Getting that lovely Christmas tree into and out of the house is a big pain. Especially out. The removal of our aged Christmas tree this year is commonly referred to around our house as Needle Storm 2013.
This year I wanted our tree to earn its keep. Here's what we did.
Stage one: typical Christmas decorations
Ornaments, lights, star, what have you. (No photo of this part.)
Stage Two: New Years Eve Tree
This is one idea from my vast Pinterest boards that actually came to fruition. White lights + balloons = minimal effort and big impact. I didn't buy anything special for this, just grabbed whatever was around the house, which explains the colors of the balloons and why one of them says "happy birthday." You'd think the branches would pop the balloons but they don't. I did the decorating at night on Dec 30th after my kids had gone to bed, and their excited chatter the next morning was more than worth the effort.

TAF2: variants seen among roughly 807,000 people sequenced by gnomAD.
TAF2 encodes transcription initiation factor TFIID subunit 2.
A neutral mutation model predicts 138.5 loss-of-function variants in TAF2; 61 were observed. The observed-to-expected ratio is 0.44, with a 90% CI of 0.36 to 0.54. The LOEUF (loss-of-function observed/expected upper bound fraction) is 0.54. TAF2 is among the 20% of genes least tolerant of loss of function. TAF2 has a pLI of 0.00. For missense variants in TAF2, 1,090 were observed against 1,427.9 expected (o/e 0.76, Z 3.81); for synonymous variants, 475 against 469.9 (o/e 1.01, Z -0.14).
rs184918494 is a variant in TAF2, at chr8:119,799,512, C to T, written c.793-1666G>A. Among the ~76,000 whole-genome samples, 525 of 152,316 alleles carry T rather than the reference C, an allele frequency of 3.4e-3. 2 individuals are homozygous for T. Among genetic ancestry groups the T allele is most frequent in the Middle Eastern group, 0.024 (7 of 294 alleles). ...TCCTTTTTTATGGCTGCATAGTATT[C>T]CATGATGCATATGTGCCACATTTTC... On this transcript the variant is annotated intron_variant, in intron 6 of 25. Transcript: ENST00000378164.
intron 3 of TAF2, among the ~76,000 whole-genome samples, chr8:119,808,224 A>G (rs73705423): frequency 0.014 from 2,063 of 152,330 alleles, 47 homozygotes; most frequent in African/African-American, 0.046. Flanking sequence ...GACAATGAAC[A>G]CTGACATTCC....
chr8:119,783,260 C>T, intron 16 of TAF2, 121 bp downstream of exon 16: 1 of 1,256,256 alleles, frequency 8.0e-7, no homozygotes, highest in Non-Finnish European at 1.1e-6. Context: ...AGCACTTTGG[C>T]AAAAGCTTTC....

Stage three: Bird feeder
This stage is a little more work, but still not manageable. After dragging that tree outside and standing it up next to our yarn scrap bag, we made birdseed ornaments. Here's a recipe to make them, and another that uses flour and corn syrup instead of gelatin. We made ours in my silicon mini-muffin tins, which made them easy to pop out in one piece. We pushed straw pieces into the mixture to make holes for stringing. This is an easy project for small children: scoop and smash.
Within about 20 minutes after hanging the ornaments, we had dozens of birds all over our backyard. Word gets around, I guess.
My kids were a little young for the yarn tying, and I got bored with it pretty quickly myself, but you can see that the holes for the yarn also work for skewering the ornaments on tree branches.
Stage four will be as firewood for our firepit.